• 4 Hide
    southernshark , June 26, 2012 4:08 PM
    I remember back in the 90s, people said the USA would always have the edge because we are better at innovating and Apple, Google, Intel and to some extent MS have kept that tradition true. But when you look at strict OEMs Samsung, Sony and Lenova are all more creative and innovative than Dell, HP, Gateway or any of that useless crowd. And both Samsung and Lenova are making real strides to be even better.

    Not a good sign for the future of the USA.
  • 13 Hide
    southernshark , June 26, 2012 4:11 PM
    GreyGeek"... the partner's (PC OEMs) don't have any Oxygen ..."Why?"Microsoft extracts its hefty licensing fees from PC manufacturers..."The reason couldn't be more clear. To add to their plight, the OEM's profit margins were SO SLIM that Microsoft's ad rebates usually made the difference



    No excuse. Despite slim margins HP and Dell were making tens of billions of dollars in the 90s and all the up to 2008 or so. They made a decision to get fat on all that instead of re-investing into their product. It does not matter if you only make 20 bucks on a product as long as you sell a billion of them.
  • -2 Hide
    slabbo , June 26, 2012 4:22 PM
    just because the partners didn't wanna pay x amount for their licensing fees doesn't necessarily make it a partner failure.
  • 9 Hide
    daglesj , June 26, 2012 4:49 PM
    It's about time MS made its own hardware. They spend a fortune developing great reliable operating systems that work on such a huge range of hardware.

    It's truly a huge achievement.

    Then it gets handed over to the clowns at Dell/HP/Acer/Toshiba/Asus etc. and they just ruin it buy installing crappy builds full of buggy noisy crapware/bloatware. Just ruins all the good work. Really shoddy.

    I can imagine MS looks at these machines and things "WTF have they done????!!!!"

    I'd love to be able to buy a MS branded and made laptop with just Windows/Office and a few specific approved apps on it. Would be cool.

    Then MS could also say "it just works out of the box!" too.
  • 5 Hide
    waethorn , June 26, 2012 4:52 PM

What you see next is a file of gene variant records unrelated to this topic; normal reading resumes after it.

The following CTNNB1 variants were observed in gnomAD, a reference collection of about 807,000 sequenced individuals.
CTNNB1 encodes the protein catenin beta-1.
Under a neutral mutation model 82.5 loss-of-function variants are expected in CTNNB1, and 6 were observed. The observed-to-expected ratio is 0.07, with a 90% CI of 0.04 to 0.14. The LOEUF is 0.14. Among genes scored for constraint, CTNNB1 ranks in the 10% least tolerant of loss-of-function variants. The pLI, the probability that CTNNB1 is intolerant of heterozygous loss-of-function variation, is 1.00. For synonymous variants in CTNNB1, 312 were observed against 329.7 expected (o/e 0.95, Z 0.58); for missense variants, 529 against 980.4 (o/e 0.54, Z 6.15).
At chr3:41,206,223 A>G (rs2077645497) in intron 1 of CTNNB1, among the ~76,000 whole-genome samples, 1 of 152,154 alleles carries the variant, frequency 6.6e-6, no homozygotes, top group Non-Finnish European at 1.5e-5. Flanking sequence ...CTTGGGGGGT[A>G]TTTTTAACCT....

Microsoft already competed against hardware companies and won: namely Logitech. Logitech doesn't sell nearly the quantities of keyboards, mice, and webcams that they used to. Microsoft is making a killing in that market because of cheaper prices and superior products (battery use on cheap Logitech wireless keyboards gives you maybe 45 days of use, while Microsoft's battery consumption on even their low-end desktops sets gives you 6 months MINIMUM). Logitech closed their Canadian HQ because of declining sales while Microsoft is still a channel king.
  • 6 Hide
    xerroz , June 26, 2012 5:03 PM
    Bloatware from OEM is cancer. The fact that MS are making their own hardware is a relief that I probably won't have to spend at least an hour trying to completely get rid of crap I didn't want in the first place. It's even worst on Android where you can't get rid of any of it unless you root.
  • 4 Hide
    willard , June 26, 2012 5:04 PM
    damianrobertjonesWhat did the oems do? They released Laptops/Desktops with 256Mb/512Mb ram.

    To be fair, they only did that so they could gouge their customers with $200 memory upgrades.

    "Yes, we know we only put half as much memory in the system as we should. But here, you can have a reasonable amount for only 400% of the cost of the modules!"
  • 0 Hide
    willard , June 26, 2012 5:11 PM
    waethornMicrosoft already competed against hardware companies and won: namely Logitech. Logitech doesn't sell nearly the quantities of keyboards, mice, and webcams that they used to.

    Unrelated. The article is referring to companies that make computers. Microsoft has been in the hardware business for a very long time. The difference is that hardware has never been in competition with those who license Windows, until now.
  • 6 Hide
    waethorn , June 26, 2012 5:13 PM
    willardTo be fair, they only did that so they could gouge their customers with $200 memory upgrades."Yes, we know we only put half as much memory in the system as we should. But here, you can have a reasonable amount for only 400% of the cost of the modules!"


    You mean like Apple?
  • 1 Hide
    waethorn , June 26, 2012 5:19 PM
    willardUnrelated. The article is referring to companies that make computers. Microsoft has been in the hardware business for a very long time. The difference is that hardware has never been in competition with those who license Windows, until now.


    Well, they make hardware specifically for Windows, and they make Windows too. And they are killing a partner who had similarly followed their design recommendations for compatible hardware. It's VERY relevant IMO.